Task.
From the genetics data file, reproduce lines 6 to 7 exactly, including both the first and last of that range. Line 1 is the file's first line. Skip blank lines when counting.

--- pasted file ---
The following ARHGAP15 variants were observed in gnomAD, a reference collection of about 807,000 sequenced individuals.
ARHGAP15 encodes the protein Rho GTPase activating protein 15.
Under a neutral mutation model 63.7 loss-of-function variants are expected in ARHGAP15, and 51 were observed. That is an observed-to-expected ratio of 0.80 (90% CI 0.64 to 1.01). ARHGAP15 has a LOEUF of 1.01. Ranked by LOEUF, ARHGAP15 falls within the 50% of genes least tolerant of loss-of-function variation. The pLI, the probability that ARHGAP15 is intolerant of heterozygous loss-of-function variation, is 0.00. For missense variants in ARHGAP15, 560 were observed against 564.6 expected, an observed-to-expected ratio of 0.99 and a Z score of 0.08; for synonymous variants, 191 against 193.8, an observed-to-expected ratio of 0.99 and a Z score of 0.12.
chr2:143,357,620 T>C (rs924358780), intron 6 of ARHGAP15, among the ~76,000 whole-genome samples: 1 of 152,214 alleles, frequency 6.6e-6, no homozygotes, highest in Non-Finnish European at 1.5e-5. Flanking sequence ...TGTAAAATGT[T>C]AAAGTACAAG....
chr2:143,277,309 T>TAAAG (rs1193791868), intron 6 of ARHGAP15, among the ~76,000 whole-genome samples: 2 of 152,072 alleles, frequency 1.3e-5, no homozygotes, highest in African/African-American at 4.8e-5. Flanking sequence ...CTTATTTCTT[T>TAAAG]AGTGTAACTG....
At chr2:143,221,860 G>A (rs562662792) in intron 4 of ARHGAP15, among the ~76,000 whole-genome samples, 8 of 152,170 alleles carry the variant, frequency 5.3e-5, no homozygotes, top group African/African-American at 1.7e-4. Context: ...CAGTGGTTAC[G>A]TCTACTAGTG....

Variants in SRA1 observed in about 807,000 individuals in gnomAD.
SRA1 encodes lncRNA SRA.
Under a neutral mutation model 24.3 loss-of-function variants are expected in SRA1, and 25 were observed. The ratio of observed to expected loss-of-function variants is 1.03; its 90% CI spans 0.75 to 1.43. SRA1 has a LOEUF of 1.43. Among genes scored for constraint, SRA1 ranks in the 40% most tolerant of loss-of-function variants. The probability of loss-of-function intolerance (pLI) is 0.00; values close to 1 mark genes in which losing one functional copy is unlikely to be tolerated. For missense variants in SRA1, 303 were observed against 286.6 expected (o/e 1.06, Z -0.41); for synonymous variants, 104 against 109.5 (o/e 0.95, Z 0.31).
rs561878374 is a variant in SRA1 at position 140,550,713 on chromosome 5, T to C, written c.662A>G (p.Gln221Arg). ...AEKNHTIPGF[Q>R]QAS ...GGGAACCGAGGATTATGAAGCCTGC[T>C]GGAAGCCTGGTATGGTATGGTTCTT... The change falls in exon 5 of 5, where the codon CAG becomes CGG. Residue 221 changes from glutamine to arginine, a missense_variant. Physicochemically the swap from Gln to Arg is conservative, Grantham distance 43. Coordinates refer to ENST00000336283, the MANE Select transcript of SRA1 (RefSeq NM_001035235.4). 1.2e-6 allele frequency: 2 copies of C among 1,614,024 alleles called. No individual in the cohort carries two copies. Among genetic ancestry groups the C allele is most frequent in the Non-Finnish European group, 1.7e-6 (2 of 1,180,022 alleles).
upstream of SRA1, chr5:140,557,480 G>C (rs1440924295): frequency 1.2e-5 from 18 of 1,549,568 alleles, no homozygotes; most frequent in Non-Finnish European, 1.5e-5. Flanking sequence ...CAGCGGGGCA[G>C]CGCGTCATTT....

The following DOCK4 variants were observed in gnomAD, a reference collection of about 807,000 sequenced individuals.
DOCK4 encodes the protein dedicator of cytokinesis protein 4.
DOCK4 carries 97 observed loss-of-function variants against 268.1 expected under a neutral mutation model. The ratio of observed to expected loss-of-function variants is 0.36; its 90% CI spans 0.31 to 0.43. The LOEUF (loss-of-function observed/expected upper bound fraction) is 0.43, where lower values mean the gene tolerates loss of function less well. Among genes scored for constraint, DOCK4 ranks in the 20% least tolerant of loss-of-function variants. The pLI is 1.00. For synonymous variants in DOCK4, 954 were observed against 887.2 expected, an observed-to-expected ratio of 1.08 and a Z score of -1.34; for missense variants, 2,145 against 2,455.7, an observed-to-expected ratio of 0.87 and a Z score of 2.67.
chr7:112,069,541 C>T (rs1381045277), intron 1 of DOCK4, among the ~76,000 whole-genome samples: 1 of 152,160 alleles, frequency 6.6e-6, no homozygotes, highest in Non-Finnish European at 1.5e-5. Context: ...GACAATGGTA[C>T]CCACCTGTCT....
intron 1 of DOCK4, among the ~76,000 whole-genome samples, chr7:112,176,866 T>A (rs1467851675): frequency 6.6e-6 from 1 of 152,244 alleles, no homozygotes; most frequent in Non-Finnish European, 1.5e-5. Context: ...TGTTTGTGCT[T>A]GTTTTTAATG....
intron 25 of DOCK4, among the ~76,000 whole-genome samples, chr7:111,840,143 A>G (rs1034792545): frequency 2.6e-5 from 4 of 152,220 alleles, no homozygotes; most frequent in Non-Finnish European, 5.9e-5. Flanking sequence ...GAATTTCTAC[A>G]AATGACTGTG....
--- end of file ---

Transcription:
At chr2:143,221,860 G>A (rs562662792) in intron 4 of ARHGAP15, among the ~76,000 whole-genome samples, 8 of 152,170 alleles carry the variant, frequency 5.3e-5, no homozygotes, top group African/African-American at 1.7e-4. Context: ...CAGTGGTTAC[G>A]TCTACTAGTG....

Variants in SRA1 observed in about 807,000 individuals in gnomAD.